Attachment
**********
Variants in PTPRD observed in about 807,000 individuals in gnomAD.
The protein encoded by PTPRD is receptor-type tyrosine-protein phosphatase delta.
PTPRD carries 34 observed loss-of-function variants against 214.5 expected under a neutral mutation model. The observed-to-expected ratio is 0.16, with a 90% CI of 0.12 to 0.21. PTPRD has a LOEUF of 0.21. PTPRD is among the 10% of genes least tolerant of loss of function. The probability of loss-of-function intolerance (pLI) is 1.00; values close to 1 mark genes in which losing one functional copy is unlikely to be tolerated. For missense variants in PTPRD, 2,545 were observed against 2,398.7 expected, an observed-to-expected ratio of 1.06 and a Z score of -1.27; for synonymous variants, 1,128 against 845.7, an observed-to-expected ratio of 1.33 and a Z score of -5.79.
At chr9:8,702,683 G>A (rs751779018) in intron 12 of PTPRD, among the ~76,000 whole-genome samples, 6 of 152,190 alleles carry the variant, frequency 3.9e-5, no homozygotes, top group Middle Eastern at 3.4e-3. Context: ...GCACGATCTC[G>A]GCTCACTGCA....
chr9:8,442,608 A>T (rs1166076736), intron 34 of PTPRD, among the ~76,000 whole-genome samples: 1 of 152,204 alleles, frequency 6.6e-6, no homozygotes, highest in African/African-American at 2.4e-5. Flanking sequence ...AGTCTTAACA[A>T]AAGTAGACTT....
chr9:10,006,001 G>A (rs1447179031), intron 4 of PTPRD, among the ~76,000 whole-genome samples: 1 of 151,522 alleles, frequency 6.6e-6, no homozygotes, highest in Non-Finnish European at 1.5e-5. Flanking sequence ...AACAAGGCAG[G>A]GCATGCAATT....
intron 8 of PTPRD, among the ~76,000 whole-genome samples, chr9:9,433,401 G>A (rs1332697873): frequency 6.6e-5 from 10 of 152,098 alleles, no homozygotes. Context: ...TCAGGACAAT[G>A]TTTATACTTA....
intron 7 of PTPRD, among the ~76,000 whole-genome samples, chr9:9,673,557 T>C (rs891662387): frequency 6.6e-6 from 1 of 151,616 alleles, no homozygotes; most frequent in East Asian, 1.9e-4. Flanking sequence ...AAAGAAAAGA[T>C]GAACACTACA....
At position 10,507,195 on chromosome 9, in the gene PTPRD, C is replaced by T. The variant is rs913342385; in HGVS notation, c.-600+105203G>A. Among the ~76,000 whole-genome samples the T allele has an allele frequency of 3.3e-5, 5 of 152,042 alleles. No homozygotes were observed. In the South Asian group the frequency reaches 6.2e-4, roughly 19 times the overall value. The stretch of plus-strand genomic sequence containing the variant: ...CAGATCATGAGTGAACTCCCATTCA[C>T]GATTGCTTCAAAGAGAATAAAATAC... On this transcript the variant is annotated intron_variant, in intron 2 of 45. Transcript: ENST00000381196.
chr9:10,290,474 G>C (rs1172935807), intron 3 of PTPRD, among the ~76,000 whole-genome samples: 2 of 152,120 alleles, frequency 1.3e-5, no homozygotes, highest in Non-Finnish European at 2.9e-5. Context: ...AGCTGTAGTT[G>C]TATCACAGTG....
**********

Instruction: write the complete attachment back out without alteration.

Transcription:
Variants in PTPRD observed in about 807,000 individuals in gnomAD.
The protein encoded by PTPRD is receptor-type tyrosine-protein phosphatase delta.
PTPRD carries 34 observed loss-of-function variants against 214.5 expected under a neutral mutation model. The observed-to-expected ratio is 0.16, with a 90% CI of 0.12 to 0.21. PTPRD has a LOEUF of 0.21. PTPRD is among the 10% of genes least tolerant of loss of function. The probability of loss-of-function intolerance (pLI) is 1.00; values close to 1 mark genes in which losing one functional copy is unlikely to be tolerated. For missense variants in PTPRD, 2,545 were observed against 2,398.7 expected, an observed-to-expected ratio of 1.06 and a Z score of -1.27; for synonymous variants, 1,128 against 845.7, an observed-to-expected ratio of 1.33 and a Z score of -5.79.
At chr9:8,702,683 G>A (rs751779018) in intron 12 of PTPRD, among the ~76,000 whole-genome samples, 6 of 152,190 alleles carry the variant, frequency 3.9e-5, no homozygotes, top group Middle Eastern at 3.4e-3. Context: ...GCACGATCTC[G>A]GCTCACTGCA....
chr9:8,442,608 A>T (rs1166076736), intron 34 of PTPRD, among the ~76,000 whole-genome samples: 1 of 152,204 alleles, frequency 6.6e-6, no homozygotes, highest in African/African-American at 2.4e-5. Flanking sequence ...AGTCTTAACA[A>T]AAGTAGACTT....
chr9:10,006,001 G>A (rs1447179031), intron 4 of PTPRD, among the ~76,000 whole-genome samples: 1 of 151,522 alleles, frequency 6.6e-6, no homozygotes, highest in Non-Finnish European at 1.5e-5. Flanking sequence ...AACAAGGCAG[G>A]GCATGCAATT....
intron 8 of PTPRD, among the ~76,000 whole-genome samples, chr9:9,433,401 G>A (rs1332697873): frequency 6.6e-5 from 10 of 152,098 alleles, no homozygotes. Context: ...TCAGGACAAT[G>A]TTTATACTTA....
intron 7 of PTPRD, among the ~76,000 whole-genome samples, chr9:9,673,557 T>C (rs891662387): frequency 6.6e-6 from 1 of 151,616 alleles, no homozygotes; most frequent in East Asian, 1.9e-4. Flanking sequence ...AAAGAAAAGA[T>C]GAACACTACA....
At position 10,507,195 on chromosome 9, in the gene PTPRD, C is replaced by T. The variant is rs913342385; in HGVS notation, c.-600+105203G>A. Among the ~76,000 whole-genome samples the T allele has an allele frequency of 3.3e-5, 5 of 152,042 alleles. No homozygotes were observed. In the South Asian group the frequency reaches 6.2e-4, roughly 19 times the overall value. The stretch of plus-strand genomic sequence containing the variant: ...CAGATCATGAGTGAACTCCCATTCA[C>T]GATTGCTTCAAAGAGAATAAAATAC... On this transcript the variant is annotated intron_variant, in intron 2 of 45. Transcript: ENST00000381196.
chr9:10,290,474 G>C (rs1172935807), intron 3 of PTPRD, among the ~76,000 whole-genome samples: 2 of 152,120 alleles, frequency 1.3e-5, no homozygotes, highest in Non-Finnish European at 2.9e-5. Context: ...AGCTGTAGTT[G>C]TATCACAGTG....